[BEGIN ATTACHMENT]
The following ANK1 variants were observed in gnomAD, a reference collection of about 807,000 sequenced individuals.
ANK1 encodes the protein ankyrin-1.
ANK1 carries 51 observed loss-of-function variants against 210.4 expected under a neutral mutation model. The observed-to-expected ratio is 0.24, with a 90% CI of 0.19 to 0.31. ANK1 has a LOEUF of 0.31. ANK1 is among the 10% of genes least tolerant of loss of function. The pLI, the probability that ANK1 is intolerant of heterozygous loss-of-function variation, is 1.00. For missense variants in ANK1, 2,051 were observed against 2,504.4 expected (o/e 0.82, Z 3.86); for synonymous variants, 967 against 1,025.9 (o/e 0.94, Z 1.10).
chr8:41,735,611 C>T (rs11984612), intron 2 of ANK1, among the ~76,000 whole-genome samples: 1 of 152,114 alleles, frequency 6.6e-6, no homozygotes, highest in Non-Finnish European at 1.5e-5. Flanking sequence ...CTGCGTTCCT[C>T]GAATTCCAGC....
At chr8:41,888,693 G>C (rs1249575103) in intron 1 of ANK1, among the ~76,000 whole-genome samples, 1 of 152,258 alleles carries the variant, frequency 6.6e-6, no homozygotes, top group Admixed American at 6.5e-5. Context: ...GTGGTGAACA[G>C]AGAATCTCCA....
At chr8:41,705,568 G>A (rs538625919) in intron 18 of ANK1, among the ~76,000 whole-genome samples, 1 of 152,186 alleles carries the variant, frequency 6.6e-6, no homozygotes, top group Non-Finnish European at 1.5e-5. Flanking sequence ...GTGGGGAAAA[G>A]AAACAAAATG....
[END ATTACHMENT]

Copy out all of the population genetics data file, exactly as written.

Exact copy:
The following ANK1 variants were observed in gnomAD, a reference collection of about 807,000 sequenced individuals.
ANK1 encodes the protein ankyrin-1.
ANK1 carries 51 observed loss-of-function variants against 210.4 expected under a neutral mutation model. The observed-to-expected ratio is 0.24, with a 90% CI of 0.19 to 0.31. ANK1 has a LOEUF of 0.31. ANK1 is among the 10% of genes least tolerant of loss of function. The pLI, the probability that ANK1 is intolerant of heterozygous loss-of-function variation, is 1.00. For missense variants in ANK1, 2,051 were observed against 2,504.4 expected (o/e 0.82, Z 3.86); for synonymous variants, 967 against 1,025.9 (o/e 0.94, Z 1.10).
chr8:41,735,611 C>T (rs11984612), intron 2 of ANK1, among the ~76,000 whole-genome samples: 1 of 152,114 alleles, frequency 6.6e-6, no homozygotes, highest in Non-Finnish European at 1.5e-5. Flanking sequence ...CTGCGTTCCT[C>T]GAATTCCAGC....
At chr8:41,888,693 G>C (rs1249575103) in intron 1 of ANK1, among the ~76,000 whole-genome samples, 1 of 152,258 alleles carries the variant, frequency 6.6e-6, no homozygotes, top group Admixed American at 6.5e-5. Context: ...GTGGTGAACA[G>C]AGAATCTCCA....
At chr8:41,705,568 G>A (rs538625919) in intron 18 of ANK1, among the ~76,000 whole-genome samples, 1 of 152,186 alleles carries the variant, frequency 6.6e-6, no homozygotes, top group Non-Finnish European at 1.5e-5. Flanking sequence ...GTGGGGAAAA[G>A]AAACAAAATG....